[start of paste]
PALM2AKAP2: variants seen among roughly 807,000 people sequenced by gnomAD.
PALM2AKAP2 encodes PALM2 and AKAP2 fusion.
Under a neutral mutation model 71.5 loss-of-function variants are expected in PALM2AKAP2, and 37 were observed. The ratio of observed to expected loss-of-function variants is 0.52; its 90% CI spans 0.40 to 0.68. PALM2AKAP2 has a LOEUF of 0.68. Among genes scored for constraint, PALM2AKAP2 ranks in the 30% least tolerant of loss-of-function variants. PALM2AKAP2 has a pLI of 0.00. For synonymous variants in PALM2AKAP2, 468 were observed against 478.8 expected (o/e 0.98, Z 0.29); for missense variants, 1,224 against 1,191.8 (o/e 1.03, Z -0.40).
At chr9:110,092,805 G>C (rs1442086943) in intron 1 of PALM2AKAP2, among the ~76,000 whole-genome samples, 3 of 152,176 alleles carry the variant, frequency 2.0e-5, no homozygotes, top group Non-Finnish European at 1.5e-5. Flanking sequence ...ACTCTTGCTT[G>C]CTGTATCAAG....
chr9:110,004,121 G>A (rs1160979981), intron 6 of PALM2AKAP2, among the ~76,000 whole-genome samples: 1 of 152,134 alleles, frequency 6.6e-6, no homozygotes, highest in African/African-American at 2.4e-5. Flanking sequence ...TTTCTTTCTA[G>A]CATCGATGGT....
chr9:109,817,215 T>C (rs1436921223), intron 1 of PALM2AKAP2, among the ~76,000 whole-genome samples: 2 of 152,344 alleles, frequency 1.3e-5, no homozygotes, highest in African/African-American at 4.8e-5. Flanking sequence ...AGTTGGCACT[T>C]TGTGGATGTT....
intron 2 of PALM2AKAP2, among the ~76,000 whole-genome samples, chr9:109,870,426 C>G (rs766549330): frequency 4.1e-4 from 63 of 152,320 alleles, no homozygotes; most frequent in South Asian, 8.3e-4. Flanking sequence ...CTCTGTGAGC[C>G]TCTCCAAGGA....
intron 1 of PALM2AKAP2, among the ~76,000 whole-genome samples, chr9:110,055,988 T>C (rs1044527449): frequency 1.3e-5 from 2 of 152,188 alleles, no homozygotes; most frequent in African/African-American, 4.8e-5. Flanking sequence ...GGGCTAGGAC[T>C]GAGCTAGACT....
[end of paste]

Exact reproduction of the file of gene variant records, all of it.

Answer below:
PALM2AKAP2: variants seen among roughly 807,000 people sequenced by gnomAD.
PALM2AKAP2 encodes PALM2 and AKAP2 fusion.
Under a neutral mutation model 71.5 loss-of-function variants are expected in PALM2AKAP2, and 37 were observed. The ratio of observed to expected loss-of-function variants is 0.52; its 90% CI spans 0.40 to 0.68. PALM2AKAP2 has a LOEUF of 0.68. Among genes scored for constraint, PALM2AKAP2 ranks in the 30% least tolerant of loss-of-function variants. PALM2AKAP2 has a pLI of 0.00. For synonymous variants in PALM2AKAP2, 468 were observed against 478.8 expected (o/e 0.98, Z 0.29); for missense variants, 1,224 against 1,191.8 (o/e 1.03, Z -0.40).
At chr9:110,092,805 G>C (rs1442086943) in intron 1 of PALM2AKAP2, among the ~76,000 whole-genome samples, 3 of 152,176 alleles carry the variant, frequency 2.0e-5, no homozygotes, top group Non-Finnish European at 1.5e-5. Flanking sequence ...ACTCTTGCTT[G>C]CTGTATCAAG....
chr9:110,004,121 G>A (rs1160979981), intron 6 of PALM2AKAP2, among the ~76,000 whole-genome samples: 1 of 152,134 alleles, frequency 6.6e-6, no homozygotes, highest in African/African-American at 2.4e-5. Flanking sequence ...TTTCTTTCTA[G>A]CATCGATGGT....
chr9:109,817,215 T>C (rs1436921223), intron 1 of PALM2AKAP2, among the ~76,000 whole-genome samples: 2 of 152,344 alleles, frequency 1.3e-5, no homozygotes, highest in African/African-American at 4.8e-5. Flanking sequence ...AGTTGGCACT[T>C]TGTGGATGTT....
intron 2 of PALM2AKAP2, among the ~76,000 whole-genome samples, chr9:109,870,426 C>G (rs766549330): frequency 4.1e-4 from 63 of 152,320 alleles, no homozygotes; most frequent in South Asian, 8.3e-4. Flanking sequence ...CTCTGTGAGC[C>G]TCTCCAAGGA....
intron 1 of PALM2AKAP2, among the ~76,000 whole-genome samples, chr9:110,055,988 T>C (rs1044527449): frequency 1.3e-5 from 2 of 152,188 alleles, no homozygotes; most frequent in African/African-American, 4.8e-5. Flanking sequence ...GGGCTAGGAC[T>C]GAGCTAGACT....